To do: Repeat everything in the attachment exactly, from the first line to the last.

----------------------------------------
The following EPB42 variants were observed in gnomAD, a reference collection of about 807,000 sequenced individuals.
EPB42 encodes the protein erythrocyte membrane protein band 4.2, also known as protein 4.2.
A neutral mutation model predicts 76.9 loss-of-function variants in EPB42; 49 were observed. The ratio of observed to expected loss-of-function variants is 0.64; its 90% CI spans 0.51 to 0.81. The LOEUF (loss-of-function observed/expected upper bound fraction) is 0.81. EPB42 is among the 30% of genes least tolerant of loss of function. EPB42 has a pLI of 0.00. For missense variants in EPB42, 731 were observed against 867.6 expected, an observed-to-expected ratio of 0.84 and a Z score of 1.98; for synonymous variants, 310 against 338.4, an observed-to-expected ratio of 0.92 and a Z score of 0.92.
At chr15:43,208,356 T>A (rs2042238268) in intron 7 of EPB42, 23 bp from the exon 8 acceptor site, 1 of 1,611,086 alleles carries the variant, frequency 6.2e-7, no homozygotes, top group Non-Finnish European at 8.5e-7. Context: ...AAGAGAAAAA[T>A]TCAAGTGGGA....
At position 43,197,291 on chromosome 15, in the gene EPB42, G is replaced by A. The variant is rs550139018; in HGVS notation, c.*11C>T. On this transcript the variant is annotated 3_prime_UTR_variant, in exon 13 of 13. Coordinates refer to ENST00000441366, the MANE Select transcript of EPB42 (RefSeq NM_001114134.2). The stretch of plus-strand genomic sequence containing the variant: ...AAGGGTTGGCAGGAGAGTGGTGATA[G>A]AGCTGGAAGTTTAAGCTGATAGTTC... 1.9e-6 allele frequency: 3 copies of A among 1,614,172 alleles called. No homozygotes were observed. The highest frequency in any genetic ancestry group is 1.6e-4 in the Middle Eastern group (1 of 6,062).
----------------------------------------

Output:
The following EPB42 variants were observed in gnomAD, a reference collection of about 807,000 sequenced individuals.
EPB42 encodes the protein erythrocyte membrane protein band 4.2, also known as protein 4.2.
A neutral mutation model predicts 76.9 loss-of-function variants in EPB42; 49 were observed. The ratio of observed to expected loss-of-function variants is 0.64; its 90% CI spans 0.51 to 0.81. The LOEUF (loss-of-function observed/expected upper bound fraction) is 0.81. EPB42 is among the 30% of genes least tolerant of loss of function. EPB42 has a pLI of 0.00. For missense variants in EPB42, 731 were observed against 867.6 expected, an observed-to-expected ratio of 0.84 and a Z score of 1.98; for synonymous variants, 310 against 338.4, an observed-to-expected ratio of 0.92 and a Z score of 0.92.
At chr15:43,208,356 T>A (rs2042238268) in intron 7 of EPB42, 23 bp from the exon 8 acceptor site, 1 of 1,611,086 alleles carries the variant, frequency 6.2e-7, no homozygotes, top group Non-Finnish European at 8.5e-7. Context: ...AAGAGAAAAA[T>A]TCAAGTGGGA....
At position 43,197,291 on chromosome 15, in the gene EPB42, G is replaced by A. The variant is rs550139018; in HGVS notation, c.*11C>T. On this transcript the variant is annotated 3_prime_UTR_variant, in exon 13 of 13. Coordinates refer to ENST00000441366, the MANE Select transcript of EPB42 (RefSeq NM_001114134.2). The stretch of plus-strand genomic sequence containing the variant: ...AAGGGTTGGCAGGAGAGTGGTGATA[G>A]AGCTGGAAGTTTAAGCTGATAGTTC... 1.9e-6 allele frequency: 3 copies of A among 1,614,172 alleles called. No homozygotes were observed. The highest frequency in any genetic ancestry group is 1.6e-4 in the Middle Eastern group (1 of 6,062).